St. Jude Children's Research Hospital is leading the way the world understands, treats and defeats childhood cancer and other life-threatening diseases. It is the only National Cancer Institute-designated Comprehensive Cancer Center devoted solely to children. Treatments developed at St. Jude have helped push the overall childhood cancer survival rate from 20 percent to 80 percent since the hospital opened more than 50 years ago. St. Jude is working to increase the overall survival rate for childhood cancer to 90 percent in the next decade. St. Jude freely shares the breakthroughs it makes, and every child saved at St. Jude means doctors and scientists worldwide can use that knowledge to save thousands more children. Families never receive a bill from St. Jude for treatment, travel, housing and food--because all a family should worry about is helping their child live. To learn more, visit stjude.org or follow St. Jude at @stjuderesearch.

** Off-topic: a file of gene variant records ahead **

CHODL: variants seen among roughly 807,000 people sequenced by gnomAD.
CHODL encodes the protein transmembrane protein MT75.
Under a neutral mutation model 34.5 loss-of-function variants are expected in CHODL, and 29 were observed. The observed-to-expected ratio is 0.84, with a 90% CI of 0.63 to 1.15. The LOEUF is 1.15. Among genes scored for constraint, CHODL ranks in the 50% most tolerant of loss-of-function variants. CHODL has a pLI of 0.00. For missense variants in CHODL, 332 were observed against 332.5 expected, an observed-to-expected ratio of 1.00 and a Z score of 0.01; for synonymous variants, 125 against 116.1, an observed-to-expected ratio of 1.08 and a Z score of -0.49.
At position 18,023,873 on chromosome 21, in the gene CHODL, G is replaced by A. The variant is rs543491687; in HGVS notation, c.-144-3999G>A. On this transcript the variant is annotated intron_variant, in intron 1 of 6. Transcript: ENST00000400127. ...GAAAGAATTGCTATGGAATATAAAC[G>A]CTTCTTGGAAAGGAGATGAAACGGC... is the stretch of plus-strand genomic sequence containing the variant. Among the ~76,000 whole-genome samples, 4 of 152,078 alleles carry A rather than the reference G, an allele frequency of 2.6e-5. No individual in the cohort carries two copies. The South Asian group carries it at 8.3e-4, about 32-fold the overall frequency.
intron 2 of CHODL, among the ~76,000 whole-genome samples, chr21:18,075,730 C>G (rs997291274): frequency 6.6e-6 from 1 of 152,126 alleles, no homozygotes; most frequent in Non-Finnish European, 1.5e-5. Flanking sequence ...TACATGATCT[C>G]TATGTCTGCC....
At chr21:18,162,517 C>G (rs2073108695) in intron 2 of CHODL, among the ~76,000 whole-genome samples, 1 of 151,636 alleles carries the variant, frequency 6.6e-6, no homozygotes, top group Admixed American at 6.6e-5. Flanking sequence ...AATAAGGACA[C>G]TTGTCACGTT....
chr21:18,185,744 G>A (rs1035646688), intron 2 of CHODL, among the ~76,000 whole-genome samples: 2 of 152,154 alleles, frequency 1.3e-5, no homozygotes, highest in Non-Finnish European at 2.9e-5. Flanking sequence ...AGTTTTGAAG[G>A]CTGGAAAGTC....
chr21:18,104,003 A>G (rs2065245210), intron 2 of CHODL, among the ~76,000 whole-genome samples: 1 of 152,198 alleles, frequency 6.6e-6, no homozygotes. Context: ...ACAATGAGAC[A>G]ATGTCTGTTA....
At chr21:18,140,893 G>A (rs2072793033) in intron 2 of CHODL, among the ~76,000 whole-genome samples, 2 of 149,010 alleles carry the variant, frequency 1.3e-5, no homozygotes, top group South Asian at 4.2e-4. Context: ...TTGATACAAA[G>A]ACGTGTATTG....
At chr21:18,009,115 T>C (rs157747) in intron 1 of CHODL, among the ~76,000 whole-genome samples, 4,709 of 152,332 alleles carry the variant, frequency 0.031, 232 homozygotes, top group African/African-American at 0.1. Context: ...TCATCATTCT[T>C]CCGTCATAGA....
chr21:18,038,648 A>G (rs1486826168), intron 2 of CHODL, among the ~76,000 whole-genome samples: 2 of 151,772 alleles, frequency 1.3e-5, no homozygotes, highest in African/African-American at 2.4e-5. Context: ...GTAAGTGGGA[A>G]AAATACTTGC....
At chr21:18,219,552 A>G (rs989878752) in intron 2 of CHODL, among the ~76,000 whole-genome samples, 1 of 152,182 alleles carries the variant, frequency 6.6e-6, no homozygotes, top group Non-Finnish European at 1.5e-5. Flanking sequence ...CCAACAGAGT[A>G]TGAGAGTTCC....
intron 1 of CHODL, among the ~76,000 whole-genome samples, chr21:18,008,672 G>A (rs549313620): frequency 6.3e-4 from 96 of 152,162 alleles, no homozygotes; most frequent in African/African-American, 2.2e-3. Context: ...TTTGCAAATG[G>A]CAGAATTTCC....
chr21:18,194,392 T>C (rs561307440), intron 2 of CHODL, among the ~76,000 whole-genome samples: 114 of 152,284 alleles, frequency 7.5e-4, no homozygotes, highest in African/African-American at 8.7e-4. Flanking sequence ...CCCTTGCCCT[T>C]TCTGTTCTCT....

Washington University
Washington University School of Medicine's 2,100 employed and volunteer faculty physicians also are the medical staff of Barnes-Jewish and St. Louis Children's hospitals. The School of Medicine is one of the leading medical research, teaching and patient-care institutions in the nation, currently ranked sixth in the nation by U.S. News & World Report. Through its affiliations with Barnes-Jewish and St. Louis Children's hospitals, the School of Medicine is linked to BJC HealthCare.